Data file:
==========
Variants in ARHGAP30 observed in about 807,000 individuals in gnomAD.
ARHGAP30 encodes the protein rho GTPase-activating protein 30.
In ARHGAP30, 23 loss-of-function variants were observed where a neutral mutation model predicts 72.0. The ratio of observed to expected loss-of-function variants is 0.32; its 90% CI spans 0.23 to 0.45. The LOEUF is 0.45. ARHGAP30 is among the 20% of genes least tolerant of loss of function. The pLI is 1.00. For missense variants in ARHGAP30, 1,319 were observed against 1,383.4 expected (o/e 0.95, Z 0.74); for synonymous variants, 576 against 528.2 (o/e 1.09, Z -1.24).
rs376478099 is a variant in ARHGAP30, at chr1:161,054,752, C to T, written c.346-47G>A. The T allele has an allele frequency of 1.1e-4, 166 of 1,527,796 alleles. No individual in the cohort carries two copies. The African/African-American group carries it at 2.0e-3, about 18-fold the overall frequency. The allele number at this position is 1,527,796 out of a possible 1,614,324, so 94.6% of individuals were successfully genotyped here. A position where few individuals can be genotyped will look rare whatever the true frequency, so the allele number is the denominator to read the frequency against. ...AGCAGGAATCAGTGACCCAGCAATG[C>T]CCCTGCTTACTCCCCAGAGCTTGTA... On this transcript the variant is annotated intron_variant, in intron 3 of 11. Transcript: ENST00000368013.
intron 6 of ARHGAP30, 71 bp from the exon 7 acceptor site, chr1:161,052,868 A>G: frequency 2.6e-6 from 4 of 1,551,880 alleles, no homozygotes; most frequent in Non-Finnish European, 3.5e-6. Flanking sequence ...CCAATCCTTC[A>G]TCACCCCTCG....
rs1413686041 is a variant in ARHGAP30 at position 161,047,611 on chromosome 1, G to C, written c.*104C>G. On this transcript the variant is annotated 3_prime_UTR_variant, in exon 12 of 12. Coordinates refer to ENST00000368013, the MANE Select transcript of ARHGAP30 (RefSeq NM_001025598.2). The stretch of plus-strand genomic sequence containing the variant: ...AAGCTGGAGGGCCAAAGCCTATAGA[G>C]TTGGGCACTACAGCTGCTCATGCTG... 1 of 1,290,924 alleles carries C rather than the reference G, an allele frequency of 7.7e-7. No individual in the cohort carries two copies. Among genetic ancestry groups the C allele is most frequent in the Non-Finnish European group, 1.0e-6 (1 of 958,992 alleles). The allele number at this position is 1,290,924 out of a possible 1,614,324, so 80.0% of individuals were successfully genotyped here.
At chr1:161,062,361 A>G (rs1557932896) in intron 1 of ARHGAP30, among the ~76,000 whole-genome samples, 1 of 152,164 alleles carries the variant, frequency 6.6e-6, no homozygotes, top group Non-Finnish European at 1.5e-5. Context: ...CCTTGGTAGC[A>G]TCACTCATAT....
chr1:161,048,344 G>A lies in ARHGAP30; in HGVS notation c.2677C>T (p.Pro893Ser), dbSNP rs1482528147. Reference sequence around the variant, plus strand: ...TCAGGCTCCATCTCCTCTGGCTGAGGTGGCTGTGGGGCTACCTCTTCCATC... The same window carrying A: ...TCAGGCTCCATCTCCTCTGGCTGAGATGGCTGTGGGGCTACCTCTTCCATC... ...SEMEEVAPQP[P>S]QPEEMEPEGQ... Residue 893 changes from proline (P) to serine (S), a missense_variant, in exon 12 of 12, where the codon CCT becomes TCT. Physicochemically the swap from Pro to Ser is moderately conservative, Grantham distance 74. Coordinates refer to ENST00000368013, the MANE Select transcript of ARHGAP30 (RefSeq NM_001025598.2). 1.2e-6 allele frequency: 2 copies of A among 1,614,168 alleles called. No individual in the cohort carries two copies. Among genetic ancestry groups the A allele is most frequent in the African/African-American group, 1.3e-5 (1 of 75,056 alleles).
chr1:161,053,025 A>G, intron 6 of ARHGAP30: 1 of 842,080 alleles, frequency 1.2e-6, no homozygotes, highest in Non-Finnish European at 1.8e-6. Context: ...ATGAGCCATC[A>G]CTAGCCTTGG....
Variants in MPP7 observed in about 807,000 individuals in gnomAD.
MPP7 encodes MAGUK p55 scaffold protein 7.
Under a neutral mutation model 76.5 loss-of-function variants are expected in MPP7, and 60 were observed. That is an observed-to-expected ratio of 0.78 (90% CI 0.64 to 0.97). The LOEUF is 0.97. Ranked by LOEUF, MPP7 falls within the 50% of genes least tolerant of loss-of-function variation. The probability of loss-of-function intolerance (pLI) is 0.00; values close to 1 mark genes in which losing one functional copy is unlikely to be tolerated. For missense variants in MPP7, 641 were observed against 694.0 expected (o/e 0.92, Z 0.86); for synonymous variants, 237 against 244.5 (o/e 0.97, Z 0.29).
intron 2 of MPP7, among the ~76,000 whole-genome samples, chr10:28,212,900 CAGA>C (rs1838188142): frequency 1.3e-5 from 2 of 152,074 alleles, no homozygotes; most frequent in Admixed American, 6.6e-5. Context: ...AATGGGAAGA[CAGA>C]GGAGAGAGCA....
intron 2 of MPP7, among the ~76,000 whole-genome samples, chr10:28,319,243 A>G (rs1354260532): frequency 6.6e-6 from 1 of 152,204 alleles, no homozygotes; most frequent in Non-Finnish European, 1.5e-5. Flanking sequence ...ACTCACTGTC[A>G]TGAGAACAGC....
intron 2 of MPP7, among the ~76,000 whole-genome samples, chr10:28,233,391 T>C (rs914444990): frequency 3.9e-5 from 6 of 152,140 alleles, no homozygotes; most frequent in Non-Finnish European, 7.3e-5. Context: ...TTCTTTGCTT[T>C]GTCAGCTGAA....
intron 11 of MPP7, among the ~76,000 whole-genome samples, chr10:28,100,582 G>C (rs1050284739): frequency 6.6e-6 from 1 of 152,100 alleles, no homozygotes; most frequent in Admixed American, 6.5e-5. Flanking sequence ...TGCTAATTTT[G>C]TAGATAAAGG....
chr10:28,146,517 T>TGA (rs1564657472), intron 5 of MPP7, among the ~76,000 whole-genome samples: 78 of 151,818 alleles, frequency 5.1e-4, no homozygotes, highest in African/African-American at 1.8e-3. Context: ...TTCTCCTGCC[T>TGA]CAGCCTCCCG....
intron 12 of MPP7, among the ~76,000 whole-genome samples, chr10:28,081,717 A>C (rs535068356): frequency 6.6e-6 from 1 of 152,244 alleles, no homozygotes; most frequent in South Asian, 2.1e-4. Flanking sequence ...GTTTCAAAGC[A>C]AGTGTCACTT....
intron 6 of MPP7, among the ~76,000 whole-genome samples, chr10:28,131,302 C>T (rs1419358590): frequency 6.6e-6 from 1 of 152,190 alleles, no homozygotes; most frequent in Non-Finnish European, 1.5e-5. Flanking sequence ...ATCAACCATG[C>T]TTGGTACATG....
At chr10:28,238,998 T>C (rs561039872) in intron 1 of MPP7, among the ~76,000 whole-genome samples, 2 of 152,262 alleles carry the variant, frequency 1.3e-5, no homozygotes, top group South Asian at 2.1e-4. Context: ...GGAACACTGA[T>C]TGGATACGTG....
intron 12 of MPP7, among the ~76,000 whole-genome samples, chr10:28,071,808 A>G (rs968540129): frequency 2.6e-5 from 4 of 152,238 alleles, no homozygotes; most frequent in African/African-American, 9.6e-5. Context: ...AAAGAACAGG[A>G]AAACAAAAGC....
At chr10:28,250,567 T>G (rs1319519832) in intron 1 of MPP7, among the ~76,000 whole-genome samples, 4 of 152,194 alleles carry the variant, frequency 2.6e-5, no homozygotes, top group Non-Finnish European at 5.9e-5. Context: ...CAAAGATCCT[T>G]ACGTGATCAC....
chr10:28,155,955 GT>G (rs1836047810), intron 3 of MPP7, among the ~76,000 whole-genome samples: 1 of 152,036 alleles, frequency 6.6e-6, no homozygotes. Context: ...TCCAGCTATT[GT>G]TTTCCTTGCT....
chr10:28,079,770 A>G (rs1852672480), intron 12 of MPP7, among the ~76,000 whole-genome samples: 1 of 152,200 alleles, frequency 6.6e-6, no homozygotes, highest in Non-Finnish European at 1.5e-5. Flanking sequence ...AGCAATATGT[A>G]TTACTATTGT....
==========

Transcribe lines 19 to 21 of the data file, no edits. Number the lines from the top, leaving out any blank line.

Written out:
intron 6 of MPP7, among the ~76,000 whole-genome samples, chr10:28,131,302 C>T (rs1419358590): frequency 6.6e-6 from 1 of 152,190 alleles, no homozygotes; most frequent in Non-Finnish European, 1.5e-5. Flanking sequence ...ATCAACCATG[C>T]TTGGTACATG....
At chr10:28,238,998 T>C (rs561039872) in intron 1 of MPP7, among the ~76,000 whole-genome samples, 2 of 152,262 alleles carry the variant, frequency 1.3e-5, no homozygotes, top group South Asian at 2.1e-4. Context: ...GGAACACTGA[T>C]TGGATACGTG....
intron 12 of MPP7, among the ~76,000 whole-genome samples, chr10:28,071,808 A>G (rs968540129): frequency 2.6e-5 from 4 of 152,238 alleles, no homozygotes; most frequent in African/African-American, 9.6e-5. Context: ...AAAGAACAGG[A>G]AAACAAAAGC....